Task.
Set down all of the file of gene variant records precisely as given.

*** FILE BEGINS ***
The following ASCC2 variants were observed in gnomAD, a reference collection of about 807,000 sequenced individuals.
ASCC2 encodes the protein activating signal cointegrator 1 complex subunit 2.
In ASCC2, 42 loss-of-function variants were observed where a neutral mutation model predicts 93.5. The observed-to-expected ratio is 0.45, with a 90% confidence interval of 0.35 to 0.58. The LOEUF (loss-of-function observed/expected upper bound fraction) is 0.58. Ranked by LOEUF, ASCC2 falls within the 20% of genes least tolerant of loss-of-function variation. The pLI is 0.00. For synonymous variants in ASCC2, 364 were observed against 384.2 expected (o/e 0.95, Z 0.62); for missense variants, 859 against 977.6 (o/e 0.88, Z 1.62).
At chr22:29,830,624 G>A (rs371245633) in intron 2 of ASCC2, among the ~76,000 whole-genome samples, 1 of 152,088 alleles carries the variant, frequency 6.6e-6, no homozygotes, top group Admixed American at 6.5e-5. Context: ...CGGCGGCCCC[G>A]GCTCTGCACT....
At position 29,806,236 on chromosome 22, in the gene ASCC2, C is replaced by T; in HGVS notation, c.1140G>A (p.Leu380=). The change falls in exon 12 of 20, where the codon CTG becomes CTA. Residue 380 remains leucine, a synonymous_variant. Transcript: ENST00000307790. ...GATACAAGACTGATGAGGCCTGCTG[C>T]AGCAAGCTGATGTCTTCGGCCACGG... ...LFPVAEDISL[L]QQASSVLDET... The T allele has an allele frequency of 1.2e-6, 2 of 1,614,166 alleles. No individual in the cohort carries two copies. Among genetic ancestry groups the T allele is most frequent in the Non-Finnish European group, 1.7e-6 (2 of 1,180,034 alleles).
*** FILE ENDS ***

The following ASCC2 variants were observed in gnomAD, a reference collection of about 807,000 sequenced individuals.
ASCC2 encodes the protein activating signal cointegrator 1 complex subunit 2.
In ASCC2, 42 loss-of-function variants were observed where a neutral mutation model predicts 93.5. The observed-to-expected ratio is 0.45, with a 90% confidence interval of 0.35 to 0.58. The LOEUF (loss-of-function observed/expected upper bound fraction) is 0.58. Ranked by LOEUF, ASCC2 falls within the 20% of genes least tolerant of loss-of-function variation. The pLI is 0.00. For synonymous variants in ASCC2, 364 were observed against 384.2 expected (o/e 0.95, Z 0.62); for missense variants, 859 against 977.6 (o/e 0.88, Z 1.62).
At chr22:29,830,624 G>A (rs371245633) in intron 2 of ASCC2, among the ~76,000 whole-genome samples, 1 of 152,088 alleles carries the variant, frequency 6.6e-6, no homozygotes, top group Admixed American at 6.5e-5. Context: ...CGGCGGCCCC[G>A]GCTCTGCACT....
At position 29,806,236 on chromosome 22, in the gene ASCC2, C is replaced by T; in HGVS notation, c.1140G>A (p.Leu380=). The change falls in exon 12 of 20, where the codon CTG becomes CTA. Residue 380 remains leucine, a synonymous_variant. Transcript: ENST00000307790. ...GATACAAGACTGATGAGGCCTGCTG[C>T]AGCAAGCTGATGTCTTCGGCCACGG... ...LFPVAEDISL[L]QQASSVLDET... The T allele has an allele frequency of 1.2e-6, 2 of 1,614,166 alleles. No individual in the cohort carries two copies. Among genetic ancestry groups the T allele is most frequent in the Non-Finnish European group, 1.7e-6 (2 of 1,180,034 alleles).